I've heard the arguments over uniform for years, and I've never been convinced about them. There's the preparation argument; wearing an acceptable mode of clothing will give the child an understanding of what will be expected when they enter the world of work. And yet, the shcools will send kids out who are functionally illiterate and innumerate. How is that useful perparation? They can tell you when Eid is, quote chapter and verse on global warming, or tell you what it was like to be an Aboriginal child in the horror of the stolen generations, but they can't write a letter, construct an argument or balance a cheque book. But hey, they'll be able to pick out a nice pair of shoes (imitation leather, to avoid offence to others, naturally).

Then there's the argument about fairness and bullying; if you don't have a uniform then the poorer kids will be subjected to bullying because they don't have the latest or coolest kit. Well, bollocks. Firstly, there may well be kids who can afford it, but just couldn't care about the shallow materialism. Secondly, and this is a point illustrating an awful lot about what is wrong with this country today, how about actually dealing with the problem of bullying? Merely removing one focal point of bullying will just move the gaze of the bullies from one subject to another or one item to another. Any headteacher who tells you bullying isn't a problem in their school is either a fool or a liar. Don't remove the opportunity to bully, remove the bully him or herself. Teach a worthwhile lesson. That lesson is not 'Conform!', that lesson is 'your actions have consequences, you acted in such a fashion, here is the consequence'. Schools all over Europe and north America seem to survive quite happily without a uniform policy, why should the UK be any different?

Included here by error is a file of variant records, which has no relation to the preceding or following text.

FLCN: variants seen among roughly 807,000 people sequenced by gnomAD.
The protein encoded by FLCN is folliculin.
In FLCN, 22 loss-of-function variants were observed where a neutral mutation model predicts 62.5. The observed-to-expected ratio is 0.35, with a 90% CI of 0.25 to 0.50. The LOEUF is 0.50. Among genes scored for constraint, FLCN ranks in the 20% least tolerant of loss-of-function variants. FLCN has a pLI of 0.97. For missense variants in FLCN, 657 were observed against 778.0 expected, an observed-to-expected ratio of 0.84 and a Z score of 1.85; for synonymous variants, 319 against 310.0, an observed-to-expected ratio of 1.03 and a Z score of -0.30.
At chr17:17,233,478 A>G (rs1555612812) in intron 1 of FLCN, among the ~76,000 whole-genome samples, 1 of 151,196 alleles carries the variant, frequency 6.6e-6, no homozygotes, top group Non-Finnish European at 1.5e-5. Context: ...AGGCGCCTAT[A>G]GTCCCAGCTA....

My mind goes back to my term-time trip to Seattle. I was given the impression that those lessons were gone, irreplacable. I'd taken the trouble to speak to the teachers beforehand, to see what I would be missing out on and how to catch up. I think one of the problems was that I'd done it off my own back, rather than asking for permission and having some plan drawn up for me. Going away in term time, to see a foreign country, and to spend a good deal of time kicking around on the University of Washington campus with the daughter of the family friend who studied there was an education in itself, but I was made to feel it was an act of heresy. And yet, schools will send kids home, missing these vital, never to be repeated lessons, because they're wearing the wrong shoes? Really? I'm calling bullshit, it means either the lessons aren't all that important, or the school feels its arbitrary rules are more important than the education the teachers are paid to dish out. Which is it?